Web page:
Successful protests are not just as simple as getting out into the streets and chanting you causes. You need to organize it carefully well before the event.
Despite the unfolding political landscape to which our country struggles to adjust, the Food Fair Nation remains unfazed in its advocacy of bringing equality and justice to local farmers. Over the last weeks, we’ve heard each new headline from Washington more outrageous than the last. But this noise does not deter the movement from its commitment to farm labor justice.
Just a few weeks ago, thousands of farm workers in Florida and consumers across the country have taken to the streets to voice out their message: Every individual in the world deserves and demands a dignified life, respect for fundamental human rights, and a voice in determining the course of their future.
The Food Fair Nation has staged numerous protests – of varying scale and types. They have staged walk-outs and boycotts of large food establishments, particularly Wendy’s. They have organized street protests, rallies and even outdoor concerts. In one of the concert rallies, they have invited a jazz band that delighted the protestors with their skillful playing of different wind and musical instruments such as the ones here at Wind Plays.
Time and again, these mass actions have caught the attention of the media and have brought to fore the main issues at hand. Though these demonstrations seem spontaneous and uncomplicated, organizing them doesn’t come easy. There are a lot of logistical considerations and things done before, during and after the protests.
Here we take a look at the intricacy of staging protests and how to make it a success.
Why people protest?
Protests are considered necessary and essential part of our social movements. These mass actions are a way to assert power, to pressure authorities, to take power, and to get what a group needs. Doing things rights achieves the purpose of the protest.
What are the things to consider?
First is to get a valid and clear reason for the protest. Why are you staging a protest? Depending on your advocacy, you will know what type of demonstration or protest to organize.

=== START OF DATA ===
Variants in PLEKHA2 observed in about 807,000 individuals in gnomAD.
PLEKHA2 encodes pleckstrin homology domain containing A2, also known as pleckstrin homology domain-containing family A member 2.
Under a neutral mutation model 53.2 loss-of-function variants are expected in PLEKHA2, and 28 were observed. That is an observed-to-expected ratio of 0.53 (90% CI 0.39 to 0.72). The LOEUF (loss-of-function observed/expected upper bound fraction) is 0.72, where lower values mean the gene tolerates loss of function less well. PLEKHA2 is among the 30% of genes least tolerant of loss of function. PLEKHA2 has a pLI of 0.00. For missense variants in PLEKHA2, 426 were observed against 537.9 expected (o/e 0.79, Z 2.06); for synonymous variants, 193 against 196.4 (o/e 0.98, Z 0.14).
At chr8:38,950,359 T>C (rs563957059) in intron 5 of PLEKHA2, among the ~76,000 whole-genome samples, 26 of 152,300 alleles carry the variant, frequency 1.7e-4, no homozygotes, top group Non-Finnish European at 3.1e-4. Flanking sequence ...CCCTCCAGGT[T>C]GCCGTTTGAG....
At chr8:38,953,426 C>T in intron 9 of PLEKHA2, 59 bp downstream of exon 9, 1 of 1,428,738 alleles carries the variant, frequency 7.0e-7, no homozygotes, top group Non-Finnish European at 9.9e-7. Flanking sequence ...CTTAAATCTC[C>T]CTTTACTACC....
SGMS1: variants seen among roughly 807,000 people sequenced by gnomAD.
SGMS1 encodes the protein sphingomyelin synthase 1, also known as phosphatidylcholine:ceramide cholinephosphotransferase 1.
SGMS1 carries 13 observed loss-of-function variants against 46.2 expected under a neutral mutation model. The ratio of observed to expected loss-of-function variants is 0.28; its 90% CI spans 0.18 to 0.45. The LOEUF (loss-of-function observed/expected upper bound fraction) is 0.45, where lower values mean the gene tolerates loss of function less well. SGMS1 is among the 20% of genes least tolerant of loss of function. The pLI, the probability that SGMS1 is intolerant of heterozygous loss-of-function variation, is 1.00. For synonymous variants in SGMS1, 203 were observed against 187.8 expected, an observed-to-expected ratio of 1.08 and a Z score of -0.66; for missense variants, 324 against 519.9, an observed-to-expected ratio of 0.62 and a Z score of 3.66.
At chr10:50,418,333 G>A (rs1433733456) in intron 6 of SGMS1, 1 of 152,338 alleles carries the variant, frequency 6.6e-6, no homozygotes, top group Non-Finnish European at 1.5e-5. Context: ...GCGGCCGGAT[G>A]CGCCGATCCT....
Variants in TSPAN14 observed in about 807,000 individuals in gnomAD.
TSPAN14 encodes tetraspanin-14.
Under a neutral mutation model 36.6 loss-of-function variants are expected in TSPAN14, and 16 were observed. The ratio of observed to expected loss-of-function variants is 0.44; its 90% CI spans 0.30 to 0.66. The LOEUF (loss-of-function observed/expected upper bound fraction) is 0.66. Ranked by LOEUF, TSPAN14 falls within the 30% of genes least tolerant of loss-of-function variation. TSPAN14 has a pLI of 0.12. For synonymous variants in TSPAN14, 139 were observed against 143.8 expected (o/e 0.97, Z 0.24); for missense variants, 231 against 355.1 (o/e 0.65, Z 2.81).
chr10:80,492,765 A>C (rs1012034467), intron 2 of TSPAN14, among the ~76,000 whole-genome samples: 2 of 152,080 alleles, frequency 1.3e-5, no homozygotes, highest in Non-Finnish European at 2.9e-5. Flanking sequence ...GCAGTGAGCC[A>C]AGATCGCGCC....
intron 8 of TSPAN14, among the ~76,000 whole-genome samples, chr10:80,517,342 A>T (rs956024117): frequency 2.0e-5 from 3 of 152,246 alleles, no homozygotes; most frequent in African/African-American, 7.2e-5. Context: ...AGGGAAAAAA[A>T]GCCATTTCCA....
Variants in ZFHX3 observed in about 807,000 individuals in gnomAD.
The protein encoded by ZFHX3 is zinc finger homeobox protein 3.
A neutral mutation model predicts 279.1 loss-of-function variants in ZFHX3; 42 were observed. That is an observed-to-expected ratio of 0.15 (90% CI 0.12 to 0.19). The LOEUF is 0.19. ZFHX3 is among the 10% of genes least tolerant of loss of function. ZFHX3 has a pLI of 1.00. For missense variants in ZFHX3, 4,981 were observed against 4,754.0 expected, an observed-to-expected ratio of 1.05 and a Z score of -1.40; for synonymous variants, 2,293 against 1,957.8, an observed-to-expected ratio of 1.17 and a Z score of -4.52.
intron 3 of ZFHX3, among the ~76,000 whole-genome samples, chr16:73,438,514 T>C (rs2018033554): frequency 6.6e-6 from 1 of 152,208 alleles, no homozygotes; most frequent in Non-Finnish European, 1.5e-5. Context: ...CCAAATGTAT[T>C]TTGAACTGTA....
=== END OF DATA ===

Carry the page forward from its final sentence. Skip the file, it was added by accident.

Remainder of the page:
Second, who are the groups or people involved in your advocacy? You need to reach out to these people or community to rally them into action. Know also who are the targets and decision makers to whom the action would be addressed.
Thirdly, identify the best place and occasion to conduct the protest. Most of these protests are held in open plazas or streets where the authorities would likely notice them. Some choose an event or day that is related to the mass action, example Labor Day protests.
How to reach out to others?
Once you’ve identified the type, date, venue and target of the protest, start reaching out to the public. This is a crucial part of a successful protest. Getting people involved and taking them to the streets. Some things you can do to reach out include:
- Person to person campaign: flyers, posters, door-to-door, outreach tables, call or text your friends and relatives
- Web outreach: set up social media accounts, post on free news sites or blogs, create an email list, post in petition website, post YouTube videos, take your advocacy to the alternative media sites
- Create hype: Do a social media stunt or organize smaller events leading to the main protest
Who are the responsible people?
Once you’ve got people to join the demonstration, you need to organize a team who will cover some basic roles. These include:
- Main organizing team or decision makers
- Speakers and Master of ceremonies
- Appointed spokesperson
- Street Medics and police liaison
- Documentation team
- People gathering contacts and flyering
Once everything is covered and set, you can have your protest. Meet up again to assess how the event went and if you have achieved your goals!